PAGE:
Frozen in sharply lit pixels is a smiling family among gracefully falling autumn leaves. What isn’t seen in the photograph is the energetic and authentic personality behind the lens. Coco McKown ’04, ’10 is that person and she’s the reason such a picture-perfect scene comes together. But when I sat down with McKown to talk, I wasn’t looking to discuss how she times the moment so perfectly. I was there to learn how someone who studied musical theatre as an undergraduate and later, received their MBA, is now running a wildly successful freelance photography gig––and what she can teach the rest of us who are trying to kick off a side gig.
The interview has been edited for clarity and length.
You’re a professional, full-time, freelance photographer. How did you get into this work? Did you pick up a camera and bam, it was done?
Definitely not. I was working for the University in 2006 and doing all these photography projects part-time. It was weekend warrior stuff. My husband kept trying to convince me to do [photography] full-time. I kept saying, “I’m not good enough! I don’t have the client base!” It was a good five years working full-time and working this side business before I made the jump. But by that point, I was freelancing for the University enough that I began to get requested more. Connections with college seniors, alumni, and friends later led to a lot of success.
You went to the University of Redlands and studied music. When did you switch your focus to photography? Why not a career in music?
I knew making music my career would take more time and talent than I had. I wanted to keep that as a fun thing. I still do perform in musicals, so I get my musical theater “fix” that way. It was my connections at the University, not my major, that helped me be a successful freelancer.
Enrollment is down in colleges and universities. People are unsure about the value of higher education. Was college worth it to you when being a freelance photographer doesn’t require a degree?
It was worth it mostly because of the people you meet, and the world views you experience. I studied abroad in Salzburg, and it was something I never would have done if I hadn’t gone to college. I never would have gone to Europe on my own. I wouldn’t have fallen in love with the institution that I went to work for. I never would have met my husband. Different opportunities would have presented themselves, but all of this culminated into the awesome career I have. While the education I received was excellent, the whole college experience led me to where I am now.
Your work schedule is up to you. If you choose to sleep in, you can. If you choose to work a 10-hour day, there’s nobody to turn off the lights. How do you know when to begin and when to quit?
The kids are a huge factor in that––I have no say when I get up. But I get most of my work done when they’re in school.
Every year that’s passed, I have raised my prices so while I’m making around the same amount, I’m actually shooting less. I’m not hustling all the time like I was for the past 10 years. While fall is my busiest season (it’s family portrait time!), I can choose when I’m finished for the year. In years past, I would have hustled until Christmas Eve and put the kids in daycare to make it work. But I can make my own schedule now and I really cherish my free time with the family.
How did you decide on what fees to charge?
I checked other comparable photographers’ prices in the area. When I began to start raising my prices early on, I lost clients because they didn’t see the value. My current clients understand why I charge what I do. Just like in past years, I will raise my prices in the new year. When I first began, I took every job that came my way. My first photography gigs were around $150. I had to take on a ton of work in order to turn a profit. Now I can be pickier and really do work that excites me, not just pays the bills.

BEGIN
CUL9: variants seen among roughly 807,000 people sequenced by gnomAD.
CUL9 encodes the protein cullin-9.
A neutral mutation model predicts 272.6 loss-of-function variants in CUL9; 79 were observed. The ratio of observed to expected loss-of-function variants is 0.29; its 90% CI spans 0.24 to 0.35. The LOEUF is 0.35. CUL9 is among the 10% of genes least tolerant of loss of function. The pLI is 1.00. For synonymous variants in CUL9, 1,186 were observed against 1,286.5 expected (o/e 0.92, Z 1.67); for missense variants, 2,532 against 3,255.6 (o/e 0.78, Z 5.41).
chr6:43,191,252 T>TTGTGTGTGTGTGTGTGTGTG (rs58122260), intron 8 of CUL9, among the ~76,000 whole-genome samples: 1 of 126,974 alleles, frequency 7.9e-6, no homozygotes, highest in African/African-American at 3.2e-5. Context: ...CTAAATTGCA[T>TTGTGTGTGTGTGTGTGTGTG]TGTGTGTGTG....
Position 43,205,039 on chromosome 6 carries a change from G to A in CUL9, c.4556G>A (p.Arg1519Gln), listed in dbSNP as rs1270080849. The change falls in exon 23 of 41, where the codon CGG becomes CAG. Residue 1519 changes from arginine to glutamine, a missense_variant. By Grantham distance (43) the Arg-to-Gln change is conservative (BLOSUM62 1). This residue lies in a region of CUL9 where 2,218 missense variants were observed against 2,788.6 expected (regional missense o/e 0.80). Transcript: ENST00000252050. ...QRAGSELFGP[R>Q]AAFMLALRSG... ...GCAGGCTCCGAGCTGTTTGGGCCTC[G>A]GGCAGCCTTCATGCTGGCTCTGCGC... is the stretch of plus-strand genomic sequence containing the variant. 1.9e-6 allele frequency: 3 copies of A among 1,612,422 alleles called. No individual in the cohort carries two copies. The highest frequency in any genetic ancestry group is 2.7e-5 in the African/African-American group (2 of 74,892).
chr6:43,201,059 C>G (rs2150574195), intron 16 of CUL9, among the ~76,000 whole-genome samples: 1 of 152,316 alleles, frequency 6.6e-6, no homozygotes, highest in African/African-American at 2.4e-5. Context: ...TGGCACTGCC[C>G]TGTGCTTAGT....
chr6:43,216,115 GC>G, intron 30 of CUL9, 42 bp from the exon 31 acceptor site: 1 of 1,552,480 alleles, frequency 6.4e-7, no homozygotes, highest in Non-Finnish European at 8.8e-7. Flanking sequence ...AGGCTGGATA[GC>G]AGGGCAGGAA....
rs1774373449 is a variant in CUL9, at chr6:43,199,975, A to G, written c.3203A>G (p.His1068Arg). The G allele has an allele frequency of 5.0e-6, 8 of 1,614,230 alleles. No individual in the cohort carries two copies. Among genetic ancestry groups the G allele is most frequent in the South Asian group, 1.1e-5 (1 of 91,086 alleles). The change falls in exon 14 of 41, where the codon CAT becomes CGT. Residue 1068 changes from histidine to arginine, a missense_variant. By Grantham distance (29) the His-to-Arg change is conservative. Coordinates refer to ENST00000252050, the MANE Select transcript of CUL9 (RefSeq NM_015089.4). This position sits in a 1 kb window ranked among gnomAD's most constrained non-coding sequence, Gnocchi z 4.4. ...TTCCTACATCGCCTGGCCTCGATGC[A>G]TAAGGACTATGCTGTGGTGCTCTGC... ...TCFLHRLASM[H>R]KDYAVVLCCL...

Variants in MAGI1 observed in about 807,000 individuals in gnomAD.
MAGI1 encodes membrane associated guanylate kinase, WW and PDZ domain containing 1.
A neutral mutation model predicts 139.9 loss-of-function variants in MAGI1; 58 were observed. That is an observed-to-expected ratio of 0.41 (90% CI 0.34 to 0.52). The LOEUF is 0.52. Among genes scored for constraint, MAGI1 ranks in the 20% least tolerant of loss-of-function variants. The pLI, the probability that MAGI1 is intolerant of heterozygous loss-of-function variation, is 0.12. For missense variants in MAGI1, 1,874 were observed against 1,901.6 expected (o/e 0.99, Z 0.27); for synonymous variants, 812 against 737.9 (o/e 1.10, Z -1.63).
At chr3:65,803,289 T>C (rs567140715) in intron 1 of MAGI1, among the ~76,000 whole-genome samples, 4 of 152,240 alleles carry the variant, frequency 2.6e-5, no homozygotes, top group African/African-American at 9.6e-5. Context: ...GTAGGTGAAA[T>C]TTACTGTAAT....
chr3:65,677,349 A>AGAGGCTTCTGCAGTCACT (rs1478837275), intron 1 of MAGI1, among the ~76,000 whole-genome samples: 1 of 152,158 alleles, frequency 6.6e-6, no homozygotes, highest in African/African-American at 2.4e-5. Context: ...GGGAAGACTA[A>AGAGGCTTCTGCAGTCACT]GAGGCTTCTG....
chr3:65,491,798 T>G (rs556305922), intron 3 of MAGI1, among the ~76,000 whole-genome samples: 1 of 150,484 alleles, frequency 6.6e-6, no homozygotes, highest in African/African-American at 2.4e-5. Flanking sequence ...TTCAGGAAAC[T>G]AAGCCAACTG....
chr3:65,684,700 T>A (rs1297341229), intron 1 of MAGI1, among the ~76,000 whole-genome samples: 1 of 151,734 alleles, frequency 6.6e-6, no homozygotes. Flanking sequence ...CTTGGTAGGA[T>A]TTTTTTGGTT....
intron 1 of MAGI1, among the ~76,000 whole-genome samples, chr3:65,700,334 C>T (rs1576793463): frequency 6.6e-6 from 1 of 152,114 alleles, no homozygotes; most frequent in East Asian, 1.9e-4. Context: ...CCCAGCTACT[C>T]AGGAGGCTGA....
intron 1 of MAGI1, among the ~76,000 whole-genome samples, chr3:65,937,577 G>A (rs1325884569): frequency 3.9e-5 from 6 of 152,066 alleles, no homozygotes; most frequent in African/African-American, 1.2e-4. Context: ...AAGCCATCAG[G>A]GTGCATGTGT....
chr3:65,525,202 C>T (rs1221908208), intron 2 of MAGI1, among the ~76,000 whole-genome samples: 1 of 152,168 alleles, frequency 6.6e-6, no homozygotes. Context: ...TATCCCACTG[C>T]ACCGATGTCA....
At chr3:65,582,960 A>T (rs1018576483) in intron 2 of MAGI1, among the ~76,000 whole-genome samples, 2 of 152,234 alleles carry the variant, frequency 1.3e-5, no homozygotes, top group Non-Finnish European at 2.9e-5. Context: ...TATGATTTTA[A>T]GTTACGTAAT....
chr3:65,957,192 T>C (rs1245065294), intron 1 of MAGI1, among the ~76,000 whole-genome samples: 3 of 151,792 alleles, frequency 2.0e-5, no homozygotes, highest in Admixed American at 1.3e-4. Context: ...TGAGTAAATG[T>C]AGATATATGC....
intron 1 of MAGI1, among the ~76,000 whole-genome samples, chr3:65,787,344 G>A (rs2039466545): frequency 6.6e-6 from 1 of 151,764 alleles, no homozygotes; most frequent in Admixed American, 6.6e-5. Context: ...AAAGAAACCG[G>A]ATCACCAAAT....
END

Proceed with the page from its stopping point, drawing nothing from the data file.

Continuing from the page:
Is it true that offering free work for experience and referrals pays off?
In the beginning, I offered free shoots to my friends in exchange for them to post the images everywhere to get my name out there. Those friends still put my name out there and that was 12 years ago!
As an employee of a large company, you get paid vacation, insurance, retirement benefits, and so on. As a freelancer, you’re on your own. How have you managed?
That’s where the cost of doing business comes in. You figure a third of your business is going to taxes. A third is going to equipment. And not just camera equipment. There are so many things you need to run a successful photography business: computers, editing software, web hosting fees, gallery hosting fees, business insurance and licenses, shooting permits, etc. A lot of people don’t factor that in before starting this business. Then a third is your take-home pay.
I work with a financial planner, so I set up a portion aside for retirement and for my kids’ education. We put quite a bit away because I’d rather have that safety net. We’re definitely savers, not spenders! <laughs>
What advice would you offer for someone who wants to venture out on their own and become a freelancer?
It doesn’t have to be all or nothing. You don’t have to quit your job right away. If you want to do a side gig and do it for five years before you take the leap, that’s OK. You don’t have to lose all your safety nets right away. Make connections, work hard, and be nice to people. It’ll take you far!
If you would like to learn more about Coco McKown or see her photography collection, visit www.cocomckown.com.
About the Author | Thomas Guzowski is the Associate Director of Marketing, Communications, and Events at the University of Redlands Office of Career & Professional Development. He regularly interviews alumni in the workplace and provides insights into navigating the world of work.